There was a write about a half-century ago named John O’Hara. He was a cranky guy with a wide variety of interests, and although he had a large number of critics, he was good enough to persuade fellow writer Fran Lebowitz to dub him “the real F. Scott Fitzgerald.”
One of his caricatures that he liked to create in his writings were hypothetical dialogues between characters that represent “Old Money” interacting with young men that were on a quest to get rich in a hurry. It would be hard for a writer like O’Hara to become generally mainstream today, because O’Hara relied on a mixture of strong moral condemnation mixed with relentless stereotyping, and that would create a strong mismatch with the rising sensitivities and general tendency to take abstract insults personally that generally typifies the current socio-political climate.
Why, then, do I bring O’Hara up? Because one of his female caricatures of “Old Money” frequently repeated the line, “Dahhhhhhhling, don’t touch the principal.” It was a commandment. It was in the DNA these fictional characters breathed. Anyone suggesting anything else was quickly labelled an enemy trying to pry them from their accumulated wealth.
Personally, if wealth that is truly built to last for the long haul is your goal, then “don’t spend the principal” needs to be one of your three commandments. The other two are “diversify” and “own high-quality assets.” That’s the holy trinity of wealth preservation: principal retention + diversification + quality. From there, it’s just a matter of structuring a life that meets that formula.
Every now and then, when I write about excellent companies like Colgate-Palmolive or General Mills, I’m tempted to include a line that says, “All bets about their dividends are off if another Great Depression or World War II hits.” But then, I realized that wouldn’t be fair to their corporate histories to include that line, because both of those companies did manage to make cash dividend payments throughout the 1930s and 1940s, with records dating back to the 1890s.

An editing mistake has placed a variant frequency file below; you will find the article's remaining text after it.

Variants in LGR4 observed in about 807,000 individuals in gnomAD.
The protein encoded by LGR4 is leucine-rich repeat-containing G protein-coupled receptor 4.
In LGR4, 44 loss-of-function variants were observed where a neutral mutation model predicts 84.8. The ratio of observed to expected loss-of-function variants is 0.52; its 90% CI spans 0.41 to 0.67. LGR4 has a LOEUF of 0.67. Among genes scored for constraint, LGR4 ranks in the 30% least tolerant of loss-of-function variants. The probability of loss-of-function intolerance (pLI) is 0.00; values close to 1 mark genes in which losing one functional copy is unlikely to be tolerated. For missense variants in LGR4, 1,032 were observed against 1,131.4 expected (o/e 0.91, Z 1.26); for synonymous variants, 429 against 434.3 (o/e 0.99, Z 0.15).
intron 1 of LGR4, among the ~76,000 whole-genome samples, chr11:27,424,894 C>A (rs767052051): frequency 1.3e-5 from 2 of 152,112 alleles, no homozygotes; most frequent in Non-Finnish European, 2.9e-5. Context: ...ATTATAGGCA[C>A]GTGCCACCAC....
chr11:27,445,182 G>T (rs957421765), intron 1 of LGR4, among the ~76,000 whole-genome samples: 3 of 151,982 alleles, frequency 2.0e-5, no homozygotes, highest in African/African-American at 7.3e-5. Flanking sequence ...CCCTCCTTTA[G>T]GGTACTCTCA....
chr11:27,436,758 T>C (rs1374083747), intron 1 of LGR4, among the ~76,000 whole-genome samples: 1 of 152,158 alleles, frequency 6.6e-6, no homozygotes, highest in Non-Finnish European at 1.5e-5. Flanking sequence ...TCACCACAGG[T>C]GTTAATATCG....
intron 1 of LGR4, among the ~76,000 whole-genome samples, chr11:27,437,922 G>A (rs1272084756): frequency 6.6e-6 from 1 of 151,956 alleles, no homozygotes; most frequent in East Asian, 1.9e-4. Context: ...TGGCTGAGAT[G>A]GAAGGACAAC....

To preserve wealth, you need to avoid wipeout risk. That’s not as tautological as it sounds. The simplest way to accomplish that is to own several hundred thousand dollars worth of US Treasury notes, a collection of 20-30 highest-quality stocks (Exxon, Chevron, Pepsi, Coca-Cola, Colgate, General Mills, Nestle, you know the drill), and two or three pieces of rental property real estate (if you really want to do it right, you will pay cash and own the property outright, and wrap each company in an LLC. Opening up an LLC sounds harder than it is in reality—I remember being intimidated by the notion when I was 18, and then I visited a place called “Birds, Birds, Birds” and after meeting the people there, I concluded that if they could do it, so could I. Essentially, you just fill out some paperwork with your Secretary of State’s office, get a number, and open a bank account. This will protect you from having problems with one property reach in to your other assets, although you may not be fully protected if you open a single-member LLC and then seem to be using the LLC front as a sham. Courts have been increasingly willing to disregard single-member LLCs, depending on the state in which you live).
To avoid wipeout risk, and become one of those people who gets more affluent through each ebb and flow of the economy, you have to effectively combine three things that have a particular purpose. You diversify, and this lowers the risk of one bad decision affecting your cash flow. You don’t touch the principal, so that you’re not self-destructing by depleting your assets. And lastly, you own high-quality assets so that the probability of failure is minimal. Quality. Diversification. Principal Preservation. Combining those three things is the secret—there you have it.